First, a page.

2 After fourteen years I went to Jerusalem again, this time with Barnabas. I also took Titus with me. 2 I went because God showed me I should go. I met with the believers there, and in private I told their leaders the Good News that I preach to the non-Jewish people. I did not want my past work and the work I am now doing to be wasted. 3 Titus was with me, but he was not forced to be circumcised, even though he was a Greek. 4 We talked about this problem because some false believers had come into our group secretly. They came in like spies to overturn the freedom we have in Christ Jesus. They wanted to make us slaves. 5 But we did not give in to those false believers for a minute. We wanted the truth of the Good News to continue for you.
6 Those leaders who seemed to be important did not change the Good News that I preach. (It doesn’t matter to me if they were “important” or not. To God everyone is the same.) 7 But these leaders saw that I had been given the work of telling the Good News to those who are not Jewish, just as Peter had the work of telling the Jews. 8 God gave Peter the power to work as an apostle for the Jewish people. But he also gave me the power to work as an apostle for those who are not Jews. 9 James, Peter, and John, who seemed to be the leaders, understood that God had given me this special grace, so they accepted Barnabas and me. They agreed that they would go to the Jewish people and that we should go to those who are not Jewish. 10 The only thing they asked us was to remember to help the poor—something I really wanted to do.
Paul Shows that Peter Was Wrong
11 When Peter came to Antioch, I challenged him to his face, because he was wrong. 12 Peter ate with the non-Jewish people until some Jewish people sent from James came to Antioch. When they arrived, Peter stopped eating with those who weren’t Jewish, and he separated himself from them. He was afraid of the Jews. 13 So Peter was a hypocrite, as were the other Jewish believers who joined with him. Even Barnabas was influenced by what these Jewish believers did. 14 When I saw they were not following the truth of the Good News, I spoke to Peter in front of them all. I said, “Peter, you are a Jew, but you are not living like a Jew. You are living like those who are not Jewish. So why do you now try to force those who are not Jewish to live like Jews?”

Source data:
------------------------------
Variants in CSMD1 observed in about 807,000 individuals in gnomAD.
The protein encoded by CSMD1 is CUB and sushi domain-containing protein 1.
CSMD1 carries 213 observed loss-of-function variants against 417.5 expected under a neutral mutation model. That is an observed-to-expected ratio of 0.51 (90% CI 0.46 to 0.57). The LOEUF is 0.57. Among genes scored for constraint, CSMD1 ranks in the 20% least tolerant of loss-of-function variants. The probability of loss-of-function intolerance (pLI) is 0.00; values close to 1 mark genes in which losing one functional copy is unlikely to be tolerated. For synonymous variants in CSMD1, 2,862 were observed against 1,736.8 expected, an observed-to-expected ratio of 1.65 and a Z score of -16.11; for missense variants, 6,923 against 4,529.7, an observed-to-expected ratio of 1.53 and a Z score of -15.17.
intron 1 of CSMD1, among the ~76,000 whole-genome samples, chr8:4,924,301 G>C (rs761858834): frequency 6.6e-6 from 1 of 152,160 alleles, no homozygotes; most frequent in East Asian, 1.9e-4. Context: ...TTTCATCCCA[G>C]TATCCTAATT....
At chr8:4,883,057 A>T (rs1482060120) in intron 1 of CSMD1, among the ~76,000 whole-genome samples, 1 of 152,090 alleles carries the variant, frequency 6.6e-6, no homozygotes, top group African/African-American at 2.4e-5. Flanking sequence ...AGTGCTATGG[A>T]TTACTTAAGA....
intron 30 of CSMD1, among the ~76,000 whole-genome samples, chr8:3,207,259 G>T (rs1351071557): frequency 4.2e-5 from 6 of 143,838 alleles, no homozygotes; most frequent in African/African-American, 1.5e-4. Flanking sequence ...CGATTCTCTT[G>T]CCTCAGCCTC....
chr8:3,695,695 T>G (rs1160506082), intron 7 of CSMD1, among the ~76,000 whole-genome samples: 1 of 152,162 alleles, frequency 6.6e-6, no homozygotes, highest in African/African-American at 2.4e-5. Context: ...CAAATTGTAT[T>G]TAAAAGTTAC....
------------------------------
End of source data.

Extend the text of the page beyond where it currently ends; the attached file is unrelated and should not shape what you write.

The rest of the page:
15 We were not born as non-Jewish “sinners,” but as Jews. 16 Yet we know that a person is made right with God not by following the law, but by trusting in Jesus Christ. So we, too, have put our faith in Christ Jesus, that we might be made right with God because we trusted in Christ. It is not because we followed the law, because no one can be made right with God by following the law.
17 We Jews came to Christ, trying to be made right with God, and it became clear that we are sinners, too. Does this mean that Christ encourages sin? No! 18 But I would really be wrong to begin teaching again those things that I gave up. 19 It was the law that put me to death, and I died to the law so that I can now live for God. 20 I was put to death on the cross with Christ, and I do not live anymore—it is Christ who lives in me. I still live in my body, but I live by faith in the Son of God who loved me and gave himself to save me. 21 By saying these things I am not going against God’s grace. Just the opposite, if the law could make us right with God, then Christ’s death would be useless.
About New Century Version
The New Century Version is one of the easiest translations of the Bible to understand. It accurately communicates the messages found in the original languages of biblical manuscripts, using the kind of terms you use every day. It uses contemporary language with down-to-earth vocabulary. The end result is a fresh, straightforward, and strong translations of God’s truth; and it is something you can connect with in your daily life. You’ll find it easier to experience God's Word as it truly is—absolutely clear, powerfully alive, and completely life-changing.
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